Lawmakers hear testimony about money, security, disease along border

Lice, swine flu, scabies, tuberculosis seen among children crowding facilities

By Robert Arnold - Investigative Reporter

HIDALGO COUNTY, Texas - Several state and local officials were called to Austin Tuesday to testify before the State Committee on Homeland Security and Public Safety. The hearing focused solely on the thousands of Central American immigrants crossing the Texas border.

Texas Department of State Health Services Commissioner David Lakey told lawmakers his staff has seen some cases of lice, swine flu, scabies and tuberculosis among the children crowding detention facilities along the border. Lakey also testified he has concerns about the amount of children that are being kept in cramped conditions.

Two weeks ago State Health Services officials visited detention facilities in Brownsville and McAllen and reported "living conditions pose a high potential for infectious disease outbreak among the children and staff."

When Local 2 contacted State Health Services, officials stated they had no data on the exact number of diseases seen among the children and directed us to the federal Department of Health and Human Services. Local 2 did not receive a response from officials at HHS as to how many diseases were being documented by federal officials at detention facilities.

The federal government tried to alleviate painful overcrowding at detention centers along the Texas border by sending hundreds of children and some adults to facilities in California on Tuesday. That plan met with some opposition as protesters tried to block federal buses ferrying immigrants to a facility in Murietta, California.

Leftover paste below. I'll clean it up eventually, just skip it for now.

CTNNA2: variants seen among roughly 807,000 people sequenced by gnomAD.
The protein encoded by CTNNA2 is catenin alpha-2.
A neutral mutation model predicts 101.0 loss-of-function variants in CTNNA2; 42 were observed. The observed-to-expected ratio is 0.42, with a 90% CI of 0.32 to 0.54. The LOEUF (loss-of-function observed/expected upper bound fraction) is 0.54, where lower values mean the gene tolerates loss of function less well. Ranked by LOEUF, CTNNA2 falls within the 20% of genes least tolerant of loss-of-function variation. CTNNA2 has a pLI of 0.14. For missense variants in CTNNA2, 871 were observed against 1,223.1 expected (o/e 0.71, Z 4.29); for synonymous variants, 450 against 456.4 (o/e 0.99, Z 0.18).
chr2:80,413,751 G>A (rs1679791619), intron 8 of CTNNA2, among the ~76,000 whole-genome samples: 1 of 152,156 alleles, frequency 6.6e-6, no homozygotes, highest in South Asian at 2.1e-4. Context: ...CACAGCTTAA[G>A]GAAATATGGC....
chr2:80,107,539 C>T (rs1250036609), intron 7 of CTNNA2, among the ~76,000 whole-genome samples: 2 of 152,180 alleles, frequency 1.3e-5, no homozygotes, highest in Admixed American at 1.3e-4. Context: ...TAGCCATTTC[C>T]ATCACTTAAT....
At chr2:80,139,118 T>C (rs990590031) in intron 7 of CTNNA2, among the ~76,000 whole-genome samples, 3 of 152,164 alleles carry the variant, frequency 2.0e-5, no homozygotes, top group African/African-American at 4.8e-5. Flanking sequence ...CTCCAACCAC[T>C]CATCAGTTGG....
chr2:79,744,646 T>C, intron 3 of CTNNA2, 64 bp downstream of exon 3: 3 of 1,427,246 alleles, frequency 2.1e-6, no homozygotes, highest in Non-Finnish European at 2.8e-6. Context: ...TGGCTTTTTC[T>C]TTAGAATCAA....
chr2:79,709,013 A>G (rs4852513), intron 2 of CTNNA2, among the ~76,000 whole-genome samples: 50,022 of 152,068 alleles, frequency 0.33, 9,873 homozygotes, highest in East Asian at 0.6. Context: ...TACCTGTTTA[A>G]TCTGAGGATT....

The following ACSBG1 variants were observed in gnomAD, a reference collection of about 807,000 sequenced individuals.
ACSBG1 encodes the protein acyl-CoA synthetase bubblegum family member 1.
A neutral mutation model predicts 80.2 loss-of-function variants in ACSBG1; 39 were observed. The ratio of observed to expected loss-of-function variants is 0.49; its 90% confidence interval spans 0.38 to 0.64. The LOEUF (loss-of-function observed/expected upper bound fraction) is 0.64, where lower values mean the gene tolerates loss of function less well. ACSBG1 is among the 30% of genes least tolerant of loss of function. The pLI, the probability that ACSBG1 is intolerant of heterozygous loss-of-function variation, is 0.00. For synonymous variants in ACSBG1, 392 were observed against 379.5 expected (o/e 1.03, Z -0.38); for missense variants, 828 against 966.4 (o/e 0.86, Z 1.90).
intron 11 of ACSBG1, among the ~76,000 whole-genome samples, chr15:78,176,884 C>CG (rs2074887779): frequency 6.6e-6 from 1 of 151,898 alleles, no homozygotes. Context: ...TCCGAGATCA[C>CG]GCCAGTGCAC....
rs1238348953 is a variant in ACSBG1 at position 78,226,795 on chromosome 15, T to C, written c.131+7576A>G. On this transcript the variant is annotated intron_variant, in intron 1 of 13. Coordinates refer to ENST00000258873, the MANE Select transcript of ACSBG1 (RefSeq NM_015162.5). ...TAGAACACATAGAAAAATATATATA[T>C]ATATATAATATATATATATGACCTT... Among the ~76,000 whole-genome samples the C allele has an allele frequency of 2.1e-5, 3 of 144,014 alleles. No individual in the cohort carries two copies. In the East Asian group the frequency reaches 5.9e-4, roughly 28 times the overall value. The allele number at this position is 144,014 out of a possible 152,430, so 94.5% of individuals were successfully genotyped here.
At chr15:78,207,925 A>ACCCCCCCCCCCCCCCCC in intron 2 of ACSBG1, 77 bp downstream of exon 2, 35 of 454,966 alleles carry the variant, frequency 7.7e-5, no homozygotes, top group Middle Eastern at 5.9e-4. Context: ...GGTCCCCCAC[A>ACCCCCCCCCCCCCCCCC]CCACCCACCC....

President Barack Obama is asking Congress for $2 billion to bring in more immigration judges to speed up deportation of children and for more detention facilities.

Head of the Texas Department of Public Safety, Steve McCraw, also warned state lawmakers the cartels are continuing to exploit the current influx of Central American children.

"Right now the center of gravity for drug and human smuggling is the Rio Grande Valley," said McCraw.

McCraw said the extra $1.3 million a week the state is spending is providing so-called saturation patrols on the border.

Committee Vice Chair and State Rep. Allen Fletcher won't say how long the spending will last, but said Texas will seek reimbursement from the federal government.

"If we can't recover those monies from the federal government, which we expect to do so, then we will take some monies from the general fund, our rainy day fund, and continue to fund the Department of Public Safety to secure our border," said Fletcher.

McAllen's mayor also testified at Tuesday's hearing that his city has spent $75,000 on immediate needs for many of the Central American immigrants flowing into the area and he anticipates that number will reach half-a-million by year's end. He too is hoping the city will be reimbursed.

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